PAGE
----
(Memphis) De Andre Brown is an ex-convict.
He’s also the founder and director of Lifeline To Success, “Our job is to train ex-offenders on how to return to society as positive productive citizens.”
The group does this through classroom exercises and community service, particularly cleaning up blight around the city.
Brown said it can be hard for his men and women to find jobs because of their criminal pasts, but that could soon change.
Under a new Tennessee Law going into effect July 1st, a nonviolent ex-convict with a single misdemeanor or felony can have their record expunged after five years.
They must have paid all fines and met all obligations then then pay a $350 fee.
WREG’s Political Commentator Otis Sanford thinks it’s a great idea, “There are a lot of people especially in this community who have minor nonviolent criminal convictions and because that is on their record they cannot get jobs.”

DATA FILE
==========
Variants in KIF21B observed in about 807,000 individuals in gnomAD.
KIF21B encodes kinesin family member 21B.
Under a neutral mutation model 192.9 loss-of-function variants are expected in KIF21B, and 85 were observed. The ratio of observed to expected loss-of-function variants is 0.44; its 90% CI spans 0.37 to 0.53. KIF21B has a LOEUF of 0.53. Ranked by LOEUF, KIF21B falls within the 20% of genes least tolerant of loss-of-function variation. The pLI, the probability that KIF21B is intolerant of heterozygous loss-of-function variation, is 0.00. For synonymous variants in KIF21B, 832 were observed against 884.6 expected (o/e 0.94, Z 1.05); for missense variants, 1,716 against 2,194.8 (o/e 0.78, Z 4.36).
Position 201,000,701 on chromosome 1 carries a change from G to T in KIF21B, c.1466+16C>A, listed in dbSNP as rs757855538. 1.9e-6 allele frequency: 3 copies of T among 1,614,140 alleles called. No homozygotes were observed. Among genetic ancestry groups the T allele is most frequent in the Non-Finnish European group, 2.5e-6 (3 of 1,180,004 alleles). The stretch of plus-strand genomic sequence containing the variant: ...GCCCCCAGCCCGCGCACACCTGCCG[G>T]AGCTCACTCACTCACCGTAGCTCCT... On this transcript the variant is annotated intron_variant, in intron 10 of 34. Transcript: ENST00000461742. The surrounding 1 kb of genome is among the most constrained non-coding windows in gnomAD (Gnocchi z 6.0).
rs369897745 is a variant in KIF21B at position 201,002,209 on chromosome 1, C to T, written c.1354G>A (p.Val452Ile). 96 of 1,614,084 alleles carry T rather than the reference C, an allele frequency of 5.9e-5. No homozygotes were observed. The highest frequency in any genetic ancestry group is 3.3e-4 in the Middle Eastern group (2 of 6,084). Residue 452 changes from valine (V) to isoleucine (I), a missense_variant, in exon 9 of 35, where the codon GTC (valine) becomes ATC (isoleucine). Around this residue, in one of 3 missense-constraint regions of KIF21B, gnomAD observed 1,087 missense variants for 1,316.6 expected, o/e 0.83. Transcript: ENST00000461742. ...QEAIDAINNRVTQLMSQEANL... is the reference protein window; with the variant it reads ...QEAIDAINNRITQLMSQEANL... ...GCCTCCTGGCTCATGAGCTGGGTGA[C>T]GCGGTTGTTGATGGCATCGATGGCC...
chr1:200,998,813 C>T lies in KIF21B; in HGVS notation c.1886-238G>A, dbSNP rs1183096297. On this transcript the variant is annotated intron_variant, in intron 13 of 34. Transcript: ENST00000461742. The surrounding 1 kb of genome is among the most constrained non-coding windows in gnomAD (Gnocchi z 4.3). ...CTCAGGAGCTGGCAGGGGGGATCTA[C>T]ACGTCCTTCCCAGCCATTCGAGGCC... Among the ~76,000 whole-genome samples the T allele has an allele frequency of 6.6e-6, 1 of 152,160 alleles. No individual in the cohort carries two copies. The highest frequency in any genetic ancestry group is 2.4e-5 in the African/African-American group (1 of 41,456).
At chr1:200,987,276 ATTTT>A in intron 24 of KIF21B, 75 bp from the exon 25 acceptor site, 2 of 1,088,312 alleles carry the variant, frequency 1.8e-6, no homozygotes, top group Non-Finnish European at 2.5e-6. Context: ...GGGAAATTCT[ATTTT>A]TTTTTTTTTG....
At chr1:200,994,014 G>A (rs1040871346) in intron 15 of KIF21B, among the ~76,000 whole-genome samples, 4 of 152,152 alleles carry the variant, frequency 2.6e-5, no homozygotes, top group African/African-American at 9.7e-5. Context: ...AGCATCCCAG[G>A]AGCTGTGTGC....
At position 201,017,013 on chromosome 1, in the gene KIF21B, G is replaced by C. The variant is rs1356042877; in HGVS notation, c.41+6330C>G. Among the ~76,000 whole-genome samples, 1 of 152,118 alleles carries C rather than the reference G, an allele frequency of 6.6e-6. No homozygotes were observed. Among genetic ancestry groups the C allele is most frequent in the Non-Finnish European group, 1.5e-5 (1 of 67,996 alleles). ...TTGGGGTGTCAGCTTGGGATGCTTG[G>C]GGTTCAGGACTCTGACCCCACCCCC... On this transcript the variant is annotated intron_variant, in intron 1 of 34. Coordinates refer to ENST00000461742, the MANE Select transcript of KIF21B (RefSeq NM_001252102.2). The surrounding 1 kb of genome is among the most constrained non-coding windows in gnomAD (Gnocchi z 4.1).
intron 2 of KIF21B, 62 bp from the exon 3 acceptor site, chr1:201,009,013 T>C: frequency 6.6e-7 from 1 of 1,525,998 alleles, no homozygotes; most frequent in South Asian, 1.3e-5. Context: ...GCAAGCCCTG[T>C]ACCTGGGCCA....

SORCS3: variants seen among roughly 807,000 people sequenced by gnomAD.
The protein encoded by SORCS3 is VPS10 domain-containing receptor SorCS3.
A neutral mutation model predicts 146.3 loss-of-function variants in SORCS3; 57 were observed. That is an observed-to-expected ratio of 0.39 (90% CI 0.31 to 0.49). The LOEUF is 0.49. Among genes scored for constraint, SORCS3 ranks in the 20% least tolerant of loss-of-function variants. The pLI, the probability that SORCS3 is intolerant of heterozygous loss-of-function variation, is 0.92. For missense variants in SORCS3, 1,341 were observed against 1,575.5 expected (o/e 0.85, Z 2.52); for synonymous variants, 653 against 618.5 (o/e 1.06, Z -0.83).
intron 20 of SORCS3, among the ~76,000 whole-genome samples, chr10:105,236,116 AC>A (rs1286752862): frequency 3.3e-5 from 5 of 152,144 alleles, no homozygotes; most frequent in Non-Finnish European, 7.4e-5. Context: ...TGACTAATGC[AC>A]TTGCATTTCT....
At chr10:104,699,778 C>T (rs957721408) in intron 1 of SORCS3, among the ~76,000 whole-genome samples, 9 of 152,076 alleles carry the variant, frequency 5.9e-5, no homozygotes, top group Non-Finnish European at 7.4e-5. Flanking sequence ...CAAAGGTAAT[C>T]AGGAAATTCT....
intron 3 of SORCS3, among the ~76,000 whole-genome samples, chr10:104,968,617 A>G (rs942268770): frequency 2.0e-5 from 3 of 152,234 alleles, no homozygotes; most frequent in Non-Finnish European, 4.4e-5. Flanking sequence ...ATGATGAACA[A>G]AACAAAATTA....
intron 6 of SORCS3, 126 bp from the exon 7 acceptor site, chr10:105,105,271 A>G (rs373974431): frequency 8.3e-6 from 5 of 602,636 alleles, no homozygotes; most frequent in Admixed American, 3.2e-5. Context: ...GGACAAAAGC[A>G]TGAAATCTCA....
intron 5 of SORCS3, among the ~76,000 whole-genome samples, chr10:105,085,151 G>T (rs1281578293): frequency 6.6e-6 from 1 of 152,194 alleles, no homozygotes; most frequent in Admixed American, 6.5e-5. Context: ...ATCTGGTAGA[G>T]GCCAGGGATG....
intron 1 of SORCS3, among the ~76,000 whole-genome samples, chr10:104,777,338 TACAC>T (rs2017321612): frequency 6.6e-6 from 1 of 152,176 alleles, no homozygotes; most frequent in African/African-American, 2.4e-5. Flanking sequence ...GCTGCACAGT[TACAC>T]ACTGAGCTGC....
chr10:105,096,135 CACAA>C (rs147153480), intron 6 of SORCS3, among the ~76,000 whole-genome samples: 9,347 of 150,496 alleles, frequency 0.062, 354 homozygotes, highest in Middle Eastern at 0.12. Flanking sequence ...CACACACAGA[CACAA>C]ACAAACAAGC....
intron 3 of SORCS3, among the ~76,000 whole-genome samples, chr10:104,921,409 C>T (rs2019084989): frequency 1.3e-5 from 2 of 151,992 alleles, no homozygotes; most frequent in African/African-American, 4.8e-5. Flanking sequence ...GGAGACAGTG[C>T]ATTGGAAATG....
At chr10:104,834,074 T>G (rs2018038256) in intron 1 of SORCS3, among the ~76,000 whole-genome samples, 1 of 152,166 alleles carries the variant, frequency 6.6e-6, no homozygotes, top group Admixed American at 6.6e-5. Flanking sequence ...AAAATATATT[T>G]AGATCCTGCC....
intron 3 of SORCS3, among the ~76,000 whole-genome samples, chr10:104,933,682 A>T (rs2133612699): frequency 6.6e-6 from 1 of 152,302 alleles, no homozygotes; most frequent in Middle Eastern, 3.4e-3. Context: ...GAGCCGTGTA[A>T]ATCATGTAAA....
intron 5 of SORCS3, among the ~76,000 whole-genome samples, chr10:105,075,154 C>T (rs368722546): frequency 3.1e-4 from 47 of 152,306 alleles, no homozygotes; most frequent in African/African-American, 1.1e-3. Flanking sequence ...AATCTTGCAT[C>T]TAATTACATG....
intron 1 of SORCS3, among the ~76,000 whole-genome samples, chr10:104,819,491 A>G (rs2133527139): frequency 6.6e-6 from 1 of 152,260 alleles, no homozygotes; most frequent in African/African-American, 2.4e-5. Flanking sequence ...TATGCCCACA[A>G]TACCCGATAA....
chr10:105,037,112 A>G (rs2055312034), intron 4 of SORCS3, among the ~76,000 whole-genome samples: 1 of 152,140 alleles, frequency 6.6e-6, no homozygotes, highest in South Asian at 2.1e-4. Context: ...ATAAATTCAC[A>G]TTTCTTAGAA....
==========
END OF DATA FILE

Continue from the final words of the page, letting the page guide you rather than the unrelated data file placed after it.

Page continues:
But Brown believes it shouldn’t be as easy as just paying a fee.
He thinks ex-cons should be required to go through some re-entry training before their records are cleaned so they don’t fall into the trap of crime again, “I know how I was when I first came home from prison and if it hadn’t been for some rehabilitative services on the outside then I don’t think I would be as successful as I am now.”
The state estimates this will raise about $7 million a year and that will be split between the state and the public defenders expungement fund.
This bill was sponsored by Representative Karen Camper and Senator Reginald Tate of Memphis.